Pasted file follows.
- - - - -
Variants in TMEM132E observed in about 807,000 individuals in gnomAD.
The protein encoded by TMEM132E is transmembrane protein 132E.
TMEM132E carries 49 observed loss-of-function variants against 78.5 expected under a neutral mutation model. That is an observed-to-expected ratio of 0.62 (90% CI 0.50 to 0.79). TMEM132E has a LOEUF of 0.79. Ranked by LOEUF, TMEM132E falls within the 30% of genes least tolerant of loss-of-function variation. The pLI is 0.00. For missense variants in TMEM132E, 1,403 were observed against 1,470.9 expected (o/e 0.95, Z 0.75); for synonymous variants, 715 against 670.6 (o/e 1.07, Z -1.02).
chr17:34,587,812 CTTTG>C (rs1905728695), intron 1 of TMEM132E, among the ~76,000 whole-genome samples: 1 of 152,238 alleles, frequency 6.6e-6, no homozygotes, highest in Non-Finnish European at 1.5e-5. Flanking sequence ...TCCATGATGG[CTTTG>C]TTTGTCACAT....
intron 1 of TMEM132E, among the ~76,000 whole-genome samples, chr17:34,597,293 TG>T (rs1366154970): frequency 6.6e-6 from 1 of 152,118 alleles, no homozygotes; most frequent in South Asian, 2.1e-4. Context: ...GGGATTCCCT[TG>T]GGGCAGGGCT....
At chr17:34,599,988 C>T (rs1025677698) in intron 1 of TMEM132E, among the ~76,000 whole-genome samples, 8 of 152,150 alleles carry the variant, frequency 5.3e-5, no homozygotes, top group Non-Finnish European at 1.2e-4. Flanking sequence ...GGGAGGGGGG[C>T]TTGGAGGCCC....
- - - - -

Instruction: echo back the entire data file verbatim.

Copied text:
Variants in TMEM132E observed in about 807,000 individuals in gnomAD.
The protein encoded by TMEM132E is transmembrane protein 132E.
TMEM132E carries 49 observed loss-of-function variants against 78.5 expected under a neutral mutation model. That is an observed-to-expected ratio of 0.62 (90% CI 0.50 to 0.79). TMEM132E has a LOEUF of 0.79. Ranked by LOEUF, TMEM132E falls within the 30% of genes least tolerant of loss-of-function variation. The pLI is 0.00. For missense variants in TMEM132E, 1,403 were observed against 1,470.9 expected (o/e 0.95, Z 0.75); for synonymous variants, 715 against 670.6 (o/e 1.07, Z -1.02).
chr17:34,587,812 CTTTG>C (rs1905728695), intron 1 of TMEM132E, among the ~76,000 whole-genome samples: 1 of 152,238 alleles, frequency 6.6e-6, no homozygotes, highest in Non-Finnish European at 1.5e-5. Flanking sequence ...TCCATGATGG[CTTTG>C]TTTGTCACAT....
intron 1 of TMEM132E, among the ~76,000 whole-genome samples, chr17:34,597,293 TG>T (rs1366154970): frequency 6.6e-6 from 1 of 152,118 alleles, no homozygotes; most frequent in South Asian, 2.1e-4. Context: ...GGGATTCCCT[TG>T]GGGCAGGGCT....
At chr17:34,599,988 C>T (rs1025677698) in intron 1 of TMEM132E, among the ~76,000 whole-genome samples, 8 of 152,150 alleles carry the variant, frequency 5.3e-5, no homozygotes, top group Non-Finnish European at 1.2e-4. Flanking sequence ...GGGAGGGGGG[C>T]TTGGAGGCCC....